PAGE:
Products, especially software, are designed to meet requirements. Requirements describe the functions you expect a product to perform. Once the product is ready, it is the requirements which determine the test criteria though of course, the requirements may have changed during product development from what was originally defined.
The product’s expected behaviour is determined by the tester’s interpretation of the specifications, regardless of whether they have been kept up to date. A program is considered tested if it behaves correctly on all inputs. However, even with the most trivial piece of software, the collection of all potential inputs is typically too large to test each one. Exhaustive testing is not often used in practice.
It is usually left to the tester to determine what makes up all possible inputs. The first step is to analyse the requirements. If the requirements are complete and unambiguous, the collection of all possible inputs can be defined.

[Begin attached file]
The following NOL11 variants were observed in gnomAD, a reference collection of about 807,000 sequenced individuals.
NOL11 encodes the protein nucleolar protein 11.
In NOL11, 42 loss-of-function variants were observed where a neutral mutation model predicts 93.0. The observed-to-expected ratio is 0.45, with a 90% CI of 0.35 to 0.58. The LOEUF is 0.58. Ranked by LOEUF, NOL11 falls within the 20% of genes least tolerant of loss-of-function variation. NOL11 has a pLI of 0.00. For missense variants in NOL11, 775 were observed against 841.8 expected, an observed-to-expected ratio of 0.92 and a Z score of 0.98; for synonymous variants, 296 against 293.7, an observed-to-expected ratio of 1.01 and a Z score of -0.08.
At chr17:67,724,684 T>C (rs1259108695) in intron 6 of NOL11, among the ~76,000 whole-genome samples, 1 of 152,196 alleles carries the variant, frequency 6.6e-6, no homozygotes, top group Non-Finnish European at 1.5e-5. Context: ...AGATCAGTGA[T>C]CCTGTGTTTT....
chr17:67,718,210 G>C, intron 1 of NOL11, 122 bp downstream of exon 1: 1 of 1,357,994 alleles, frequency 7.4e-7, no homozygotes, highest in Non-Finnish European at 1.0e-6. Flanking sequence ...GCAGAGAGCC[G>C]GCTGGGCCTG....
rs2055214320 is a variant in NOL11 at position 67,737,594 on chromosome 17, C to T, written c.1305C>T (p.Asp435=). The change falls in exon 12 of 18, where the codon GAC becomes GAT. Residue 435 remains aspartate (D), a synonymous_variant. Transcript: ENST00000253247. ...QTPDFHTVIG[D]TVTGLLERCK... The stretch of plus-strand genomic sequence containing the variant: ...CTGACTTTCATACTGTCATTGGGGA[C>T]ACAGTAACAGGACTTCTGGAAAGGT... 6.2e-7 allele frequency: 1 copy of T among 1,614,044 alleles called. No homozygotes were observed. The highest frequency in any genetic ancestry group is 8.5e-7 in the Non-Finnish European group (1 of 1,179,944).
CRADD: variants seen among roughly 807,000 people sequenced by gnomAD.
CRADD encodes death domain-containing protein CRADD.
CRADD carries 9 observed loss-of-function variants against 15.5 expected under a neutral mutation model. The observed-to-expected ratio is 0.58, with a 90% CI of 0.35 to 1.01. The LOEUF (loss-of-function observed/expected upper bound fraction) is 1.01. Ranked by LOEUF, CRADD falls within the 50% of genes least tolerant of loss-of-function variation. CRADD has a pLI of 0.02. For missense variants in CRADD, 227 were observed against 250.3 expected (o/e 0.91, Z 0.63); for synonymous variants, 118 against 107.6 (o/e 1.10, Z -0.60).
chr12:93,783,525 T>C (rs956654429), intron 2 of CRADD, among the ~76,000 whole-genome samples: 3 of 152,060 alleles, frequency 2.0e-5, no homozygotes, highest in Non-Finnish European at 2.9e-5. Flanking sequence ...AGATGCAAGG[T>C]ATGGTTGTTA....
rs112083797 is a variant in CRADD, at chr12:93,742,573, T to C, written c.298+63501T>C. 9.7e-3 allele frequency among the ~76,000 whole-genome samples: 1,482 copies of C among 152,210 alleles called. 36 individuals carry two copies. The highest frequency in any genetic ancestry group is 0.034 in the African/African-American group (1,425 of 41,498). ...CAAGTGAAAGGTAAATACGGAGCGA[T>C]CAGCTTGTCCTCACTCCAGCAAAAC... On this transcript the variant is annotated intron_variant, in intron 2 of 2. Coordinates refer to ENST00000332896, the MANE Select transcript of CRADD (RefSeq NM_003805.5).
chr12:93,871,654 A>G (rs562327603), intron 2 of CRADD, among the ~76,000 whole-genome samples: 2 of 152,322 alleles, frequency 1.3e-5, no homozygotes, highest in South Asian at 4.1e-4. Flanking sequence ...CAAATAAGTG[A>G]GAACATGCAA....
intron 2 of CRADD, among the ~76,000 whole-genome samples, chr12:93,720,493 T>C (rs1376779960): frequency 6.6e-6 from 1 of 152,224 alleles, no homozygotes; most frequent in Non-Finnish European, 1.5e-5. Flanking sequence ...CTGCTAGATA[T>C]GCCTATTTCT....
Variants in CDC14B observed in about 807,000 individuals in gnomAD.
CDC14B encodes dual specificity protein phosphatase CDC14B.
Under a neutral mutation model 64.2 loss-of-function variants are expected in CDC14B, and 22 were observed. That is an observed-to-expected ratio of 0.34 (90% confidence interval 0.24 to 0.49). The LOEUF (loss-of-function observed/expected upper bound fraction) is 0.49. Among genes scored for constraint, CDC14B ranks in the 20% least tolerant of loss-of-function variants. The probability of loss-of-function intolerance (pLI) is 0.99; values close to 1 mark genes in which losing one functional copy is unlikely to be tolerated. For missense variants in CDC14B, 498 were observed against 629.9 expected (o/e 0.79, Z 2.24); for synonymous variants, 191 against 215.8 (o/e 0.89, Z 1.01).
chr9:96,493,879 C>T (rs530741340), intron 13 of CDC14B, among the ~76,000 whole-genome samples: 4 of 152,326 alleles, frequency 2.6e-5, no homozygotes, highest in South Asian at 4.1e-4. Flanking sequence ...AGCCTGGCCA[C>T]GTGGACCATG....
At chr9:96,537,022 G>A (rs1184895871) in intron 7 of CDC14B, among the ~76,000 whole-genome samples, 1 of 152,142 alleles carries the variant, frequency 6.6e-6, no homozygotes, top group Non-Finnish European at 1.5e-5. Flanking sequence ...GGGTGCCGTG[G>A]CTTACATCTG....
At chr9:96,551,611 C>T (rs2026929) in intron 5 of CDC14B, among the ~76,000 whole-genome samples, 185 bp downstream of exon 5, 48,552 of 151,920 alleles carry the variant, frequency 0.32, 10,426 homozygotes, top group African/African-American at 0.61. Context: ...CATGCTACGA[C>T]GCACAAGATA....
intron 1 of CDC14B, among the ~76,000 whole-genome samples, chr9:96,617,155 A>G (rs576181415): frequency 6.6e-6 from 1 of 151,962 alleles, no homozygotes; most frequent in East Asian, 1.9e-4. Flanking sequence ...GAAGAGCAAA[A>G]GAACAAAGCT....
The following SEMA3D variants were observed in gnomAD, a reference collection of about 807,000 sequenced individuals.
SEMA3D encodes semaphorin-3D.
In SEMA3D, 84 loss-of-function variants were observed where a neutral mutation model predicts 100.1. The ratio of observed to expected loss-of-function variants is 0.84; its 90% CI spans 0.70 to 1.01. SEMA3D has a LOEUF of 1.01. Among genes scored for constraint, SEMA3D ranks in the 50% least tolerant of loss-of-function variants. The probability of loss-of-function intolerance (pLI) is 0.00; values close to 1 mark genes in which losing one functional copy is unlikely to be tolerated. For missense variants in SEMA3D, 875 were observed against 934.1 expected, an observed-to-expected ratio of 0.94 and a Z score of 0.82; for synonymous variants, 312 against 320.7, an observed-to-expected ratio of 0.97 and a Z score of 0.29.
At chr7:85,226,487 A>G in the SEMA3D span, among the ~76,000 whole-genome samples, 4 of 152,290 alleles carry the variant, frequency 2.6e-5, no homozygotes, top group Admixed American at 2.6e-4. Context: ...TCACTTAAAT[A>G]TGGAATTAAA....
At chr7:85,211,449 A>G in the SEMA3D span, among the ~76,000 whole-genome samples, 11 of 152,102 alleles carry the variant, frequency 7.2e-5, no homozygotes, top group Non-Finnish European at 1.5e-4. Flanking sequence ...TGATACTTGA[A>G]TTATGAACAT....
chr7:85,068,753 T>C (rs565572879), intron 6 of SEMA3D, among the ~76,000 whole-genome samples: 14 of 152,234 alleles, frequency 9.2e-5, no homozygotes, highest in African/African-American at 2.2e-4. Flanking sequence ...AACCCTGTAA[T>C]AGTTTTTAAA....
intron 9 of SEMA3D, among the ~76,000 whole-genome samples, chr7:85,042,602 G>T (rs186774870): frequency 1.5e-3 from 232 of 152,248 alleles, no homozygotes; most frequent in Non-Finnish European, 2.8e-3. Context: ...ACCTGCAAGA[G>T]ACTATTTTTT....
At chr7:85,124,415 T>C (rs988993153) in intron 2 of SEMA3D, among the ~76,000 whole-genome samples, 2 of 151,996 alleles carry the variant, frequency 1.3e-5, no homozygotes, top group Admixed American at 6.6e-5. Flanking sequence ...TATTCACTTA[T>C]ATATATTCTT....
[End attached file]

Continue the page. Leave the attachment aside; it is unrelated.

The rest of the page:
A software component is considered functionally correct if it responds to each input as planned. Identifying the collection of invalid inputs and checking the software against those inputs are important components of testing. When the program behaviour on invalid inputs is not specified by the specifications, the programmer should build in functionality handle or reject these.
There are many aspects to juggle when building out a suite of tests to help improve your software quality. To improve the situation, automation and tools can assist with planning, constructing, building, running and reporting on tests against your code.